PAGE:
Scottish Widows Retirement Report: the findings


12 Jun, 2018

Scottish Widows Retirement Report: the findings
The latest Scottish Widows Retirement Report has found that those with multiple jobs are missing out on £90m of employer pension contributions because they do not meet the minimum wage threshold.

Under current rules, only those that are earning more than £10,000 a year in one job are automatically enrolled, excluding nearly 2 million ‘multi-jobbers’ whose income is split.

Robert Cochran, retirement expert at Scottish Widows, said: “This year’s study shows some of the hardest working and most financially vulnerable members of society are slipping through the auto-enrolment net because of minimum earnings thresholds. This unfairly impacts multi-jobbers, who could be working the equivalent of full-time hours, yet without the financial benefit of having a single employer.”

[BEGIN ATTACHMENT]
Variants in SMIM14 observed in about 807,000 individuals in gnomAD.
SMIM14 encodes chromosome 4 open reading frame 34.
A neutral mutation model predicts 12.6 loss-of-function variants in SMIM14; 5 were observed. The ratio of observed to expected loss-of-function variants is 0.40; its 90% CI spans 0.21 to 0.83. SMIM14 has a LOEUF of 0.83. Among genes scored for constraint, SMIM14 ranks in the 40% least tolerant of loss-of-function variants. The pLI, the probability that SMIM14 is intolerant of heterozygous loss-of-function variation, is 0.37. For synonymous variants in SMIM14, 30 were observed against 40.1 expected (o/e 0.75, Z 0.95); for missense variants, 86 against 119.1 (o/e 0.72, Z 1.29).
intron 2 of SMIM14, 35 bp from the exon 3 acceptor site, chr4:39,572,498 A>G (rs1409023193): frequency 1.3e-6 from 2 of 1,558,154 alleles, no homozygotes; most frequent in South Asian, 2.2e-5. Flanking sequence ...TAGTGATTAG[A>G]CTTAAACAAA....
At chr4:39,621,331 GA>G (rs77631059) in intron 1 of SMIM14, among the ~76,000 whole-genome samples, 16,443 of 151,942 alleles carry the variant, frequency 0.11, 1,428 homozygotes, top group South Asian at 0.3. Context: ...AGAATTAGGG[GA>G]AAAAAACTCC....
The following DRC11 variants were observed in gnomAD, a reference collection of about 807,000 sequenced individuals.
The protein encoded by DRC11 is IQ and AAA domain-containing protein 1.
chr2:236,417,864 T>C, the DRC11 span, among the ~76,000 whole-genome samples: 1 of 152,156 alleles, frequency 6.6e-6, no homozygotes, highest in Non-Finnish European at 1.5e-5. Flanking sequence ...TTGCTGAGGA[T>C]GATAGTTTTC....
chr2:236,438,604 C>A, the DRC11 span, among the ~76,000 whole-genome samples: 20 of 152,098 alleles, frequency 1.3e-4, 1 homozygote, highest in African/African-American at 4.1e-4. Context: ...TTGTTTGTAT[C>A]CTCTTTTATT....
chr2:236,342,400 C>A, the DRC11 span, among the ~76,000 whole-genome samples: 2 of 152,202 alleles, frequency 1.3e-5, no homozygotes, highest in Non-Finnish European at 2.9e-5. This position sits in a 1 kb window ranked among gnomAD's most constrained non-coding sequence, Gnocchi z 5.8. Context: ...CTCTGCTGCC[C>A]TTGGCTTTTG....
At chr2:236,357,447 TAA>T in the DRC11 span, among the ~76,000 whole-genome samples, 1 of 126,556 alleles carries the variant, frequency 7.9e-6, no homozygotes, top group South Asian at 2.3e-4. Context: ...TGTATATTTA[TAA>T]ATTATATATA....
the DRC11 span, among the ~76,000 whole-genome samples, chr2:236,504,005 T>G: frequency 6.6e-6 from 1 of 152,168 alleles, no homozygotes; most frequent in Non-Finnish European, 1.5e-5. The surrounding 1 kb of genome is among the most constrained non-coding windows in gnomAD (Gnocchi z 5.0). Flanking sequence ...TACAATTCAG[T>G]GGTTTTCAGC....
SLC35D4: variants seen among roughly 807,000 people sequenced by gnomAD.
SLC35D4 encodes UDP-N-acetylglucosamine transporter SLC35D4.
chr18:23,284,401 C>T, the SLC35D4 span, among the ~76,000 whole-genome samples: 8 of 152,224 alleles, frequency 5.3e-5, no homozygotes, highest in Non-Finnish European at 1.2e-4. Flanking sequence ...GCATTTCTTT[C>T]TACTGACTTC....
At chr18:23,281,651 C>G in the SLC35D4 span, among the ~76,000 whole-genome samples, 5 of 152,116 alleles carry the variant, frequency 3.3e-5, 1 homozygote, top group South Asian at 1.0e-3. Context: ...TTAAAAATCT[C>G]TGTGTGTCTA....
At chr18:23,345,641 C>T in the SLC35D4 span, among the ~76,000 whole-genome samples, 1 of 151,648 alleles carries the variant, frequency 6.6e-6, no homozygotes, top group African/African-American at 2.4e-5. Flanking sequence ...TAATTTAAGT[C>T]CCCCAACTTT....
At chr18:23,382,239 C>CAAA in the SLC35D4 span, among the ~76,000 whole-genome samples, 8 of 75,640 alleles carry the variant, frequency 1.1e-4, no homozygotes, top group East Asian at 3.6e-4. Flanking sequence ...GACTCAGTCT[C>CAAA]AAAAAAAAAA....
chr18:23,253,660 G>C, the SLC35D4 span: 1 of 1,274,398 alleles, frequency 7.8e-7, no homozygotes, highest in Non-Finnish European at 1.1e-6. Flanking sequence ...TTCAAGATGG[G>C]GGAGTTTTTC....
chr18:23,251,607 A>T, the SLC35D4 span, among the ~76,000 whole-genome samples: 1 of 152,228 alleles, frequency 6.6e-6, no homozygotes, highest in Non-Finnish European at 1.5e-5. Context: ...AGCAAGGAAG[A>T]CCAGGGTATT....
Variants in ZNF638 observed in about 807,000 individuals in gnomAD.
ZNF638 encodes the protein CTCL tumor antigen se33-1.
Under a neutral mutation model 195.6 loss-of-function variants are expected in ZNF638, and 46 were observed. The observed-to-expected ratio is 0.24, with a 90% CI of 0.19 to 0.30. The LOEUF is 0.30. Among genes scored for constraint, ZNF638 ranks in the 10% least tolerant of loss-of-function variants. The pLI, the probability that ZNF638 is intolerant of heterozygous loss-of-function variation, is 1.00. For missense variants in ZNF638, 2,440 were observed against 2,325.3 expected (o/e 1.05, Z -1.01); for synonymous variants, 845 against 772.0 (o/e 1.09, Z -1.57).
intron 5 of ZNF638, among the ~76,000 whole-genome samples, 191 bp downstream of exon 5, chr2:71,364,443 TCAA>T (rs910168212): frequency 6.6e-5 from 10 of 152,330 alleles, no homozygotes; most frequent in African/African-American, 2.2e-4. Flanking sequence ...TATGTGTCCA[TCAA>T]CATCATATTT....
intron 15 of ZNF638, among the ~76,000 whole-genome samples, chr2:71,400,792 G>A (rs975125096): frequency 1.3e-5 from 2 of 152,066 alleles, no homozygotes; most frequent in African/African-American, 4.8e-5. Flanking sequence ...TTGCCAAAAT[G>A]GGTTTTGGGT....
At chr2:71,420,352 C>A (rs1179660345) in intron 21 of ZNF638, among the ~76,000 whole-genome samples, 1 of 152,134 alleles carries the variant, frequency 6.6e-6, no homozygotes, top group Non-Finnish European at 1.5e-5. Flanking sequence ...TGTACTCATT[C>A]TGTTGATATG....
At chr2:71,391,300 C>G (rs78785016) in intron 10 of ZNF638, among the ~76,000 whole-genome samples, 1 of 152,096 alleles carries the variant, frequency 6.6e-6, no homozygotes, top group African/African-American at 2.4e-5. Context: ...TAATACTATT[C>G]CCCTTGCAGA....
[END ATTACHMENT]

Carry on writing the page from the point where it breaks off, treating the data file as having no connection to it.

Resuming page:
However, financial services firm Quantum partner and actuary Stuart Price is calling for the £10,000 cap to be abolished, allowing all workers between 18 and state pension age to be included.

He says: “When auto enrolment was reviewed at the end of 2017, one of the outcomes was for the net to be widened so that 18-year olds will be included from the mid 2020’s.

“While this is a step in the right direction, I believe the government should have also removed the minimum wage requirement. As well as ensuring many more would be saving for their retirement provision - which would overcome this multiple job issue - it would also make the auto enrolment administration process easier for employers and pension providers. A simplified system could also mean a reduction in the charges passed on to members.”

 The Scottish Widows Report concludes: “There is strong evidence that auto-enrolment continues to show a positive impact on the number of people saving for their future. This latest report reveals the number of under-30s saving enough for retirement has risen sharply by 9 per cent. However, more than one in five young people (21 per cent) are still saving nothing for later life, with a further 20 per cent saving seriously less than 12 per cent of their income – the minimum amount recommended by Scottish Widows.”